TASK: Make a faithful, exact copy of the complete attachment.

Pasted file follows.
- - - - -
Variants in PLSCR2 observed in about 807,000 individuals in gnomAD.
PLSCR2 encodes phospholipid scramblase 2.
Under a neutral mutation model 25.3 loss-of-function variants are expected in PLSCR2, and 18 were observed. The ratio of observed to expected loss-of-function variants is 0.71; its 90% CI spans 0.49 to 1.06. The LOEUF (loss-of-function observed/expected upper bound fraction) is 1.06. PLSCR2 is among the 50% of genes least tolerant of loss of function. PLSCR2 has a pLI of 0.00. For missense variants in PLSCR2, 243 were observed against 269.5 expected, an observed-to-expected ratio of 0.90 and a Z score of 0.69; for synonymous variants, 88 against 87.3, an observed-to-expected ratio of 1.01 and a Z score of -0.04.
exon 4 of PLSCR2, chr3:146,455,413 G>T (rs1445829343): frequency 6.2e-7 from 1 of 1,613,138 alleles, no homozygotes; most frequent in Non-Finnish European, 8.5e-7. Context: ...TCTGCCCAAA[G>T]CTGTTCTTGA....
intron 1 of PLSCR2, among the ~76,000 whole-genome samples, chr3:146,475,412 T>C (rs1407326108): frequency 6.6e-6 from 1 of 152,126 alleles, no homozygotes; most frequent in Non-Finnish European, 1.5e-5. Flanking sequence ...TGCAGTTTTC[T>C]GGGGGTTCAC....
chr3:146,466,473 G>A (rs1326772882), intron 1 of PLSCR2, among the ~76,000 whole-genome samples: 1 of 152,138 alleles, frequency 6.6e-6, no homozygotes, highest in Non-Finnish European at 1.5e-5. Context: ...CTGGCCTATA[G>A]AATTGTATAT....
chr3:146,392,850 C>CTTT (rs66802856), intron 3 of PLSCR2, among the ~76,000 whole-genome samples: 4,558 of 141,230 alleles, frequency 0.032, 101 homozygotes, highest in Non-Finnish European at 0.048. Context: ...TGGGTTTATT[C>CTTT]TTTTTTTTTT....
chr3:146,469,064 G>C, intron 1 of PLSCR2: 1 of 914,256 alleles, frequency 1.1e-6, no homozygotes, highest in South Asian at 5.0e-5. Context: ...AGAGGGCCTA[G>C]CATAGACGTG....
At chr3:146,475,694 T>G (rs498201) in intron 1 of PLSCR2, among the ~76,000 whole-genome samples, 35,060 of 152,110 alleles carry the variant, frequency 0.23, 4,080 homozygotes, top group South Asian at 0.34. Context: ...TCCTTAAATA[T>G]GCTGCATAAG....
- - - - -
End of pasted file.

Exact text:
Variants in PLSCR2 observed in about 807,000 individuals in gnomAD.
PLSCR2 encodes phospholipid scramblase 2.
Under a neutral mutation model 25.3 loss-of-function variants are expected in PLSCR2, and 18 were observed. The ratio of observed to expected loss-of-function variants is 0.71; its 90% CI spans 0.49 to 1.06. The LOEUF (loss-of-function observed/expected upper bound fraction) is 1.06. PLSCR2 is among the 50% of genes least tolerant of loss of function. PLSCR2 has a pLI of 0.00. For missense variants in PLSCR2, 243 were observed against 269.5 expected, an observed-to-expected ratio of 0.90 and a Z score of 0.69; for synonymous variants, 88 against 87.3, an observed-to-expected ratio of 1.01 and a Z score of -0.04.
exon 4 of PLSCR2, chr3:146,455,413 G>T (rs1445829343): frequency 6.2e-7 from 1 of 1,613,138 alleles, no homozygotes; most frequent in Non-Finnish European, 8.5e-7. Context: ...TCTGCCCAAA[G>T]CTGTTCTTGA....
intron 1 of PLSCR2, among the ~76,000 whole-genome samples, chr3:146,475,412 T>C (rs1407326108): frequency 6.6e-6 from 1 of 152,126 alleles, no homozygotes; most frequent in Non-Finnish European, 1.5e-5. Flanking sequence ...TGCAGTTTTC[T>C]GGGGGTTCAC....
chr3:146,466,473 G>A (rs1326772882), intron 1 of PLSCR2, among the ~76,000 whole-genome samples: 1 of 152,138 alleles, frequency 6.6e-6, no homozygotes, highest in Non-Finnish European at 1.5e-5. Context: ...CTGGCCTATA[G>A]AATTGTATAT....
chr3:146,392,850 C>CTTT (rs66802856), intron 3 of PLSCR2, among the ~76,000 whole-genome samples: 4,558 of 141,230 alleles, frequency 0.032, 101 homozygotes, highest in Non-Finnish European at 0.048. Context: ...TGGGTTTATT[C>CTTT]TTTTTTTTTT....
chr3:146,469,064 G>C, intron 1 of PLSCR2: 1 of 914,256 alleles, frequency 1.1e-6, no homozygotes, highest in South Asian at 5.0e-5. Context: ...AGAGGGCCTA[G>C]CATAGACGTG....
At chr3:146,475,694 T>G (rs498201) in intron 1 of PLSCR2, among the ~76,000 whole-genome samples, 35,060 of 152,110 alleles carry the variant, frequency 0.23, 4,080 homozygotes, top group South Asian at 0.34. Context: ...TCCTTAAATA[T>G]GCTGCATAAG....